Emulating hypertext: a feminist, postphenomenological perspective

Critical Writing
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2021
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This paper presents a feminist, platform-conscious approach to reading and preserving a work of early, pre-web electronic literature: Kathryn Cramer's short Storyspace hypertext fiction, "In Small & Large Pieces" (1994). Ensslin adopts a postphenomenological approach centered around Material Engagement Theory (MET), which was originally developed by cognitive archeologists and anthropologists to reflect the material significance of extended, embedded, embodied and enactive cognition, also known as "e-cognition" (Ransom and Gallagher 2020), for human development and subjectivity. Glossed briefly, "extended" refers to the relational idea that "minds and things are continuous and interdefinable processes rather than isolated and independent entities" (Malafouris 2016: 9); "embedded" foregrounds the situated, spatially contingent nature of these processes and relationships; "embodied" emphasizes the fact that the things we interact with become cognitive extensions of the human body, and that "human-technology relations are not representational relations but embodiment relations" (Ihde & Malafouris 2018: 205); and "enactive" signifies that "cognition is not the representation of a pregiven world by a pregiven mind but is the enactment of a world" (Varela et al 1991: 9; Iliopoulos 2019). What we learn, know, understand and feel is therefore a product of our active, embedded and embodied interaction with the things around us, and that includes technologies of reading and play. Applied to reading electronic literature, MET can help us understand how the materialities of e-literary creation and experience have a recursive, reciprocal and diachronically dynamic effect on our relationship with a work, but also more generally with our own understanding of what we do and who we are in the field and the community. Ensslin examines how MET can account for how emulation-often stigmatized as legally fraught and inauthentic-can become an integral part of restorative and productive co-reading.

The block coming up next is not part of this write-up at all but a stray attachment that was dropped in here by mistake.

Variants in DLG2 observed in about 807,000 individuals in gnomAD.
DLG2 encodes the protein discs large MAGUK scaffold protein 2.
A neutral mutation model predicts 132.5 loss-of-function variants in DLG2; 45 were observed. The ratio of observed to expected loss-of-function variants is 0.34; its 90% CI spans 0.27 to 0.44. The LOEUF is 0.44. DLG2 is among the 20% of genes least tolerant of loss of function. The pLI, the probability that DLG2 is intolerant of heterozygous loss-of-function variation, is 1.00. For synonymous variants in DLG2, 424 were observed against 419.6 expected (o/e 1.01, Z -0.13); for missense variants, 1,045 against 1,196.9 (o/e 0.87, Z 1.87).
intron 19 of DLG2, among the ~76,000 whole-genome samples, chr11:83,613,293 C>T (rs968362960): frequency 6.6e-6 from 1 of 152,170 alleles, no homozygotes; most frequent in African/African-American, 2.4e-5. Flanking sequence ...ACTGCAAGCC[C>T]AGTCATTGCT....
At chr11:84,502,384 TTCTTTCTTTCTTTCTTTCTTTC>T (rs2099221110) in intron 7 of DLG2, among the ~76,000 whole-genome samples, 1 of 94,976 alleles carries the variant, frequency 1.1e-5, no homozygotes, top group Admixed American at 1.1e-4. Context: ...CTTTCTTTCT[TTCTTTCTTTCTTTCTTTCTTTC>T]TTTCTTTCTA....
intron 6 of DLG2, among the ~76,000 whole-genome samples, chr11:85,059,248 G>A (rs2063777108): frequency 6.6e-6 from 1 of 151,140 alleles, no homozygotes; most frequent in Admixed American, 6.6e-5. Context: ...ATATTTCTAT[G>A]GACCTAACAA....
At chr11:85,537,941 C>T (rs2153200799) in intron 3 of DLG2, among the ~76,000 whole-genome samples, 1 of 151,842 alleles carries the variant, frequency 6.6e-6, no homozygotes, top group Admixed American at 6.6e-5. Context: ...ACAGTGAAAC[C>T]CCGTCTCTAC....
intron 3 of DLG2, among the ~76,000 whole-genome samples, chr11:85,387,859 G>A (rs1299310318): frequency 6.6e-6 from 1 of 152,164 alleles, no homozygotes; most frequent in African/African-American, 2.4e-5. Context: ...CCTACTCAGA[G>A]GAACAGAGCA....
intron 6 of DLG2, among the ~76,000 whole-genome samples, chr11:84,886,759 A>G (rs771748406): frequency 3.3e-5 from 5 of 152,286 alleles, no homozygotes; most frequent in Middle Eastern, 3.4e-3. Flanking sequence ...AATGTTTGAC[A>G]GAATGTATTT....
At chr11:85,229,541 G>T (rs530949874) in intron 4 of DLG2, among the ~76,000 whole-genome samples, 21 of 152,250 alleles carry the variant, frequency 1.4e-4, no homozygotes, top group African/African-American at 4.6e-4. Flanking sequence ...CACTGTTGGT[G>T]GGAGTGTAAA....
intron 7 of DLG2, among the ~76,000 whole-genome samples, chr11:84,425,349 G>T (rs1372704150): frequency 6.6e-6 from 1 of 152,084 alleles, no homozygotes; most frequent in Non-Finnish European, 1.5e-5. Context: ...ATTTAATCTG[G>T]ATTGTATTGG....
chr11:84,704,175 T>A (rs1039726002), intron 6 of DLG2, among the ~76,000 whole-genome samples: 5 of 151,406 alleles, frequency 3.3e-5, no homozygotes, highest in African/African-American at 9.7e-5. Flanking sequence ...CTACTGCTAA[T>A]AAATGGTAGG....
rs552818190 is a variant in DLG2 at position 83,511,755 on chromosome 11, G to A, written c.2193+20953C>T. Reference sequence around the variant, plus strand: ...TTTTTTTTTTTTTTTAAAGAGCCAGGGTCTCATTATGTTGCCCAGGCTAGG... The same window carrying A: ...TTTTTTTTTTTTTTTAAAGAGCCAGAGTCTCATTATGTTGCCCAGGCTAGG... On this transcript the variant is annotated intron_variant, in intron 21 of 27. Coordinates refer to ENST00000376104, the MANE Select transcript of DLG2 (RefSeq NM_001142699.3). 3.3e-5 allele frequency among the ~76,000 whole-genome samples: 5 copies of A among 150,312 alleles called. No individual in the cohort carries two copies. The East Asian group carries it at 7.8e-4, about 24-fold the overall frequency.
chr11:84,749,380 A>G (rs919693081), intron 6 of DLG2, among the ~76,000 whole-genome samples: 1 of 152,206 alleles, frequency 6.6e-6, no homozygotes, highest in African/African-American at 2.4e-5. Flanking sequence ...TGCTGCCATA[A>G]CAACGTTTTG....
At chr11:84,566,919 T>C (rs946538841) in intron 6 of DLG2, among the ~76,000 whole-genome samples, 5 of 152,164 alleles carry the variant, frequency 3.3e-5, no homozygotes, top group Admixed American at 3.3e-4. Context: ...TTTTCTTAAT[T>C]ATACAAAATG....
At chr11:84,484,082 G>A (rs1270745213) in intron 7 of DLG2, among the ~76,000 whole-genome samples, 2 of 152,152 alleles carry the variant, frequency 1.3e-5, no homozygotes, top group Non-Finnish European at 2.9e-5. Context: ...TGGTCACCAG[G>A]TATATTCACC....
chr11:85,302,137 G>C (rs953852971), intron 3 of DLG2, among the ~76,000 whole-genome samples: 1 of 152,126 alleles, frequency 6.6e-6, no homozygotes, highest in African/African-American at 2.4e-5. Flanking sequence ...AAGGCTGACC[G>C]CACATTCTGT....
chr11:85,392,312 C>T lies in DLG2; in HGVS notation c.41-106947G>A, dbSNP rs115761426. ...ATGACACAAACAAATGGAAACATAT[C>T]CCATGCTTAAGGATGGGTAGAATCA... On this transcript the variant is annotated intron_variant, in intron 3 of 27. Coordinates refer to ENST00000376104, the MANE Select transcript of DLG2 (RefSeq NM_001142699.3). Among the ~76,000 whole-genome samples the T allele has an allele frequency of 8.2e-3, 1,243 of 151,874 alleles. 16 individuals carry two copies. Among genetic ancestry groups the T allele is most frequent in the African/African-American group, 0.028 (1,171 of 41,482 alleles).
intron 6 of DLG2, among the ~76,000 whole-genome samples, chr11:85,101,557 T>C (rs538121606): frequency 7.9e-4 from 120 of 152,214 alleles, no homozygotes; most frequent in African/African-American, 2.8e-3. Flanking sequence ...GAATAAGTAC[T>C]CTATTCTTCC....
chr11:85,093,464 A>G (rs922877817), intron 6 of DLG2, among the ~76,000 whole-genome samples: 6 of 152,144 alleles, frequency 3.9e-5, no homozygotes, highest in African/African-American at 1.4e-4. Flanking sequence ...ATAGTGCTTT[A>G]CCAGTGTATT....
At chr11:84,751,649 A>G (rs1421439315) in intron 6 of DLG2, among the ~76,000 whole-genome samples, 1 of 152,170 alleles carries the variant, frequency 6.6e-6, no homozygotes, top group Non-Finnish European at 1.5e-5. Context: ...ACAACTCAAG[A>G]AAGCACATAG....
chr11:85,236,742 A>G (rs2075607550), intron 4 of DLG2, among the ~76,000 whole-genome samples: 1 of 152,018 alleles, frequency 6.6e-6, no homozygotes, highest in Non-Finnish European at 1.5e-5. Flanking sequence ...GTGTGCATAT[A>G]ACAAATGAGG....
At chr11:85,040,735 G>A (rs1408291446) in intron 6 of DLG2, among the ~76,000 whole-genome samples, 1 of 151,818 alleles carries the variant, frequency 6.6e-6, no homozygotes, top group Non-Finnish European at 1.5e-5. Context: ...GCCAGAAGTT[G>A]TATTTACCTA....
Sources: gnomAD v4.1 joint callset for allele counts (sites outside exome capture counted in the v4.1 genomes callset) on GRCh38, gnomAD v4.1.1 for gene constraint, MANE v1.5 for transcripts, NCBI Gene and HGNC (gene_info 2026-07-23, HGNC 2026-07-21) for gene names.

This paper was a contribution to the panel, "On the Effect(s) of Living Backwards", at the ELO 2021 Conference.

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Events referenced:

Titlesort ascending Date Location
Electronic Literature Organization 2021: Platform (Post?) Pandemic 24.05.2021
University of Bergen Bergen
Norway
NO
,
Aarhus University Aarhus
Denmark
DK
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Astrid Ensslin